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Making a Maker Faire

WNYRIC is Part of Rochester Maker Faire at Every LevelA student assembles a block robot at Maker Faire Rochester.

The Western New York Regional Information Center (WNYRIC) staff played many roles in Rochester Mini Maker Faire’s transformation to Maker Faire Rochester and the addition of a third day dedicated student STEAM activities.

Since the beginning, WNYRIC has had a connection to the state’s largest mini maker faire. Staff Development Coordinator Antonio Scordo III is one of the founding organizers and has been on the New York State Association of Computers and Technologies in Education (NYSCATE) Fall Conference Committee since March of 2014 as a co-chair for the Maker Faire event.

“My first experience with a Maker Faire was in bringing my own children to the Buffalo Mini Maker Faire. I wanted to bring the smiles I saw on their faces to more children and adults, to see students having fun learning about science, technology, engineering, arts and math,” Scordo explained. “This year, I wanted to step things up and I proposed a ‘Student STEAM Fest.’ To my surprise, NYSCATE and Make: magazine approved the idea.”

WNYRIC Director of Business Continuity, Research and Innovation Michelle Okal-Frink serves on NYSCATE’s board of directors. She is currently the group’s vice president and has also served as president in her 13 years on the board.

“I have seen this event go from its inception, grow every year and now take the step from Mini Maker Faire to a full-fledged Maker Faire with the addition of Student STEAM Fest and the Hack-athon. It is a wonderful start to our annual NYSCATE conference that gets bigger and better every year,” Okal-Frink said.

The first Student STEAM Day opened to 1,200 students from 50 grade 3-8 classrooms from 28 districts across Western New York on the morning of Nov. 16.

For the past five years WNYRIC has encouraged Scordo and other staff volunteers to man the event. This year, the RIC’s participation also increased with the size of the event. A team of 20 staff members volunteered to supplement the inaugural Student STEAM Fest activities. Scordo plans the logistics of the event, from mapping to scheduling and set up to tear down. Other staff development coordinators assisted with hands-on learning opportunities like make your own ice cream, lemon juice invisible ink, squishy circuits, robotics, and fun with oobleck (non-Newtonian cornstarch and water combination).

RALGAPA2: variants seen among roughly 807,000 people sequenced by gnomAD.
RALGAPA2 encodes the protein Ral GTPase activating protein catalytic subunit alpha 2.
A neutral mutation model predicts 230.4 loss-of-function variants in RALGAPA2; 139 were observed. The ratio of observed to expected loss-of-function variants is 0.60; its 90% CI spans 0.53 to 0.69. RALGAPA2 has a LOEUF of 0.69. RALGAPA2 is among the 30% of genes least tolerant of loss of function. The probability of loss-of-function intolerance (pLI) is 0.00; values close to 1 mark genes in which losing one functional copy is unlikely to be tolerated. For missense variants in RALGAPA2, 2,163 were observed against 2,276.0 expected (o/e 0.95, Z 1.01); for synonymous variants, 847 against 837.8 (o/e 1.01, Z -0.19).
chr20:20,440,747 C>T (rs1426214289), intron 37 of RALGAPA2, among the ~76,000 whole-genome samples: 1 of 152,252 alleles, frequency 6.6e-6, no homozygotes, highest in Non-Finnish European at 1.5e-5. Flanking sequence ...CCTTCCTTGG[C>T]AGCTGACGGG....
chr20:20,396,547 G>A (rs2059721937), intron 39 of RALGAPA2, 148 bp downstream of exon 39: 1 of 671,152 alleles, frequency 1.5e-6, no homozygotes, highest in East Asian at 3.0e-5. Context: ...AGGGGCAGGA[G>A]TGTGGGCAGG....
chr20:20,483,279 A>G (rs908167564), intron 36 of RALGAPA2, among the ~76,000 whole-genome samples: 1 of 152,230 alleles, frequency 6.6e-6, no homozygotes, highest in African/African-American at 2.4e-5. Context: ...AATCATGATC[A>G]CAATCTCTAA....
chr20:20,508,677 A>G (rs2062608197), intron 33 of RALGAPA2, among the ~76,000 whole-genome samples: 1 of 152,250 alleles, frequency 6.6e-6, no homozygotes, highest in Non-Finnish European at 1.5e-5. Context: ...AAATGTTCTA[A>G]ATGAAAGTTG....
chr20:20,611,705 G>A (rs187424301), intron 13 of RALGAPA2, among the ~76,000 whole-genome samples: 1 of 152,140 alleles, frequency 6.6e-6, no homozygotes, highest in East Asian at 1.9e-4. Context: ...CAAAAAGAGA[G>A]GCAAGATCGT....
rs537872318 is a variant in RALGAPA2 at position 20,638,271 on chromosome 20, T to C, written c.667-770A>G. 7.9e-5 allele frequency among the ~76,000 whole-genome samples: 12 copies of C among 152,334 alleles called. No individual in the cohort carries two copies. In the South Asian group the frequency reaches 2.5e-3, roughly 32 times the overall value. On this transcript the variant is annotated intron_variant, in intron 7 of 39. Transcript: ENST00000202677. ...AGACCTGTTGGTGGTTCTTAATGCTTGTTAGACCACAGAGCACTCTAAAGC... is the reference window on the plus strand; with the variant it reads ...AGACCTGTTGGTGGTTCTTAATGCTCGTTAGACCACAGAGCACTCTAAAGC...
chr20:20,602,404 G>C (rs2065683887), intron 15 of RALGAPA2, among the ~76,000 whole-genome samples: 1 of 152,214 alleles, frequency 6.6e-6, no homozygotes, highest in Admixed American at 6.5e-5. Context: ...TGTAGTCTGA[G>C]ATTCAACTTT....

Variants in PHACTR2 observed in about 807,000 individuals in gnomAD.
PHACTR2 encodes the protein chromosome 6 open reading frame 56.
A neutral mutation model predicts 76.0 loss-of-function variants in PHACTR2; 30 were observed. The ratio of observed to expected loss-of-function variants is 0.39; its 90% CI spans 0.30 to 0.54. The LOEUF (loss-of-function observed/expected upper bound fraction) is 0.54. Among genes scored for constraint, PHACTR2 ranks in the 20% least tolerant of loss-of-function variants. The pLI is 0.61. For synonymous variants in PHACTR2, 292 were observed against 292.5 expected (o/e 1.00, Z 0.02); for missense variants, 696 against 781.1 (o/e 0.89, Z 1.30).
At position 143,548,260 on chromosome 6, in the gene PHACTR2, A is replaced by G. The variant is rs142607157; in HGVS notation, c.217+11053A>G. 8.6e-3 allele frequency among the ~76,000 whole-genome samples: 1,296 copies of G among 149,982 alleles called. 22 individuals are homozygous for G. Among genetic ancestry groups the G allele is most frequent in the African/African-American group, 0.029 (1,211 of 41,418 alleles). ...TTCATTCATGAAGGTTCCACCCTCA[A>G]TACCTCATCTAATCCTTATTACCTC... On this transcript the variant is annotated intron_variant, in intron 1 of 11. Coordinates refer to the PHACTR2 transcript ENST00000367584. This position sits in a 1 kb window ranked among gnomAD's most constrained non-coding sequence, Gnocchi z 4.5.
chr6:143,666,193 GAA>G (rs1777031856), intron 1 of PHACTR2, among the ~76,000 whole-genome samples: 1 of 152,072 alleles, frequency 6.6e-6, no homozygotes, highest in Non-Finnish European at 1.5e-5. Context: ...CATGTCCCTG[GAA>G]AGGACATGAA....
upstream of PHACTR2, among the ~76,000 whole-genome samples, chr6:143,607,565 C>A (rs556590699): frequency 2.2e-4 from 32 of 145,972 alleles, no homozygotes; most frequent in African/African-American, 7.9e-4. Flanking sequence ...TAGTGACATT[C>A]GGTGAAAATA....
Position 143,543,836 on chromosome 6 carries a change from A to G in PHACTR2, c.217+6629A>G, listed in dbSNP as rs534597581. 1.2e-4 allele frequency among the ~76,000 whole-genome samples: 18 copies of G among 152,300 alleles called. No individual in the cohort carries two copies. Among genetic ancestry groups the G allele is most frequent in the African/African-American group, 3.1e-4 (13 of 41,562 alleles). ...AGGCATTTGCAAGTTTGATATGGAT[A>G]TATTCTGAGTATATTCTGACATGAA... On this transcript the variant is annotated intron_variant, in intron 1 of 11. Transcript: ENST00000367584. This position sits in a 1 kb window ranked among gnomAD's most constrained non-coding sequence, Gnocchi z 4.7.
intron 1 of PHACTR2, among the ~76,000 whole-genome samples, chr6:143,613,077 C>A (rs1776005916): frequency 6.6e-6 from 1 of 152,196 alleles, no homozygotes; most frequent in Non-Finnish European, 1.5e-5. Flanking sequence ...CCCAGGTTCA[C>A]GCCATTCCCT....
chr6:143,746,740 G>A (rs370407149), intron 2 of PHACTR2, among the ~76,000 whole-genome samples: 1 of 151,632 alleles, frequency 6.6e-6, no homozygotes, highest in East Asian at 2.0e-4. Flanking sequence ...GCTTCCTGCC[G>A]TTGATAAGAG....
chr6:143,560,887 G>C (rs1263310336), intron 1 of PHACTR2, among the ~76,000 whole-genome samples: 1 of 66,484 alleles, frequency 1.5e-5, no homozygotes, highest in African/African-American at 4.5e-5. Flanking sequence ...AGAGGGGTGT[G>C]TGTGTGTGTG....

Students also were treated to the magic of science at a performance by Jason Latimer, curator of the Fleet Science Center in San Diego, Calif. and a multi-award-winning magician.

“One of our goals at WNYRIC is to maximize the quality of instruction and to improve learning. Our staff development coordinators work to do that every day in classrooms across 100 school districts in western New York. This event takes STEAM integration in the classroom to the next level and we at WNYRIC are proud to promote this opportunity for students,” Elizabeth M. Freas, Director of Instructional Technology Resources and Professional Development, and oobleck station attendant, said.

The day was filled with nearly 95 makers focused on STEAM and teaching concepts from coding to culinary arts, civic engagement to sustainability and do-it-yourself to design.

WNYRIC Staff assist students in revealing their lemon juice invisible ink messages with an iron.   Three girls feel the properties of oobleck (cornstarch and water).  WNYRIC staff assist students in making their own ice cream from milk, sugar, ice and salt in a bag.

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